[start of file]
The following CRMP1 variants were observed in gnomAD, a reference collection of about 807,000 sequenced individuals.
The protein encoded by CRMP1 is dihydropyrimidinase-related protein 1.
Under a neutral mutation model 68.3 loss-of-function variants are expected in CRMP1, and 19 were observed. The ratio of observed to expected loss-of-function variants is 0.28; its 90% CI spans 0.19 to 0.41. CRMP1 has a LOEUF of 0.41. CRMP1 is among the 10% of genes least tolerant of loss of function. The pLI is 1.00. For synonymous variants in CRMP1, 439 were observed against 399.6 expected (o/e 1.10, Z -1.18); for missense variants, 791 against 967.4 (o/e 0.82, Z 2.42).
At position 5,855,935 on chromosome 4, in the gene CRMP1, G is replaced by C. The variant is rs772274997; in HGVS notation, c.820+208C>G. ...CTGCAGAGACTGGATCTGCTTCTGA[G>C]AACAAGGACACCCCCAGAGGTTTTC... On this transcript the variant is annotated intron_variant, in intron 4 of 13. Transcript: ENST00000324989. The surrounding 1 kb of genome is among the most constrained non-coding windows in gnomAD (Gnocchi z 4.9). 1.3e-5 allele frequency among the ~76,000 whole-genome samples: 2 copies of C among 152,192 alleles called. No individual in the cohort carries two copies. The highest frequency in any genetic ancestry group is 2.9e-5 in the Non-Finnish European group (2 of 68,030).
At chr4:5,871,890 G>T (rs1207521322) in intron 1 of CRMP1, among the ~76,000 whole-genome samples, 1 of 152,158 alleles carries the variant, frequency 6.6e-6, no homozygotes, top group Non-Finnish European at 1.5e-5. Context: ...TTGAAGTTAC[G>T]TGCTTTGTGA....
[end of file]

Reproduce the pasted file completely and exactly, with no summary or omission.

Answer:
The following CRMP1 variants were observed in gnomAD, a reference collection of about 807,000 sequenced individuals.
The protein encoded by CRMP1 is dihydropyrimidinase-related protein 1.
Under a neutral mutation model 68.3 loss-of-function variants are expected in CRMP1, and 19 were observed. The ratio of observed to expected loss-of-function variants is 0.28; its 90% CI spans 0.19 to 0.41. CRMP1 has a LOEUF of 0.41. CRMP1 is among the 10% of genes least tolerant of loss of function. The pLI is 1.00. For synonymous variants in CRMP1, 439 were observed against 399.6 expected (o/e 1.10, Z -1.18); for missense variants, 791 against 967.4 (o/e 0.82, Z 2.42).
At position 5,855,935 on chromosome 4, in the gene CRMP1, G is replaced by C. The variant is rs772274997; in HGVS notation, c.820+208C>G. ...CTGCAGAGACTGGATCTGCTTCTGA[G>C]AACAAGGACACCCCCAGAGGTTTTC... On this transcript the variant is annotated intron_variant, in intron 4 of 13. Transcript: ENST00000324989. The surrounding 1 kb of genome is among the most constrained non-coding windows in gnomAD (Gnocchi z 4.9). 1.3e-5 allele frequency among the ~76,000 whole-genome samples: 2 copies of C among 152,192 alleles called. No individual in the cohort carries two copies. The highest frequency in any genetic ancestry group is 2.9e-5 in the Non-Finnish European group (2 of 68,030).
At chr4:5,871,890 G>T (rs1207521322) in intron 1 of CRMP1, among the ~76,000 whole-genome samples, 1 of 152,158 alleles carries the variant, frequency 6.6e-6, no homozygotes, top group Non-Finnish European at 1.5e-5. Context: ...TTGAAGTTAC[G>T]TGCTTTGTGA....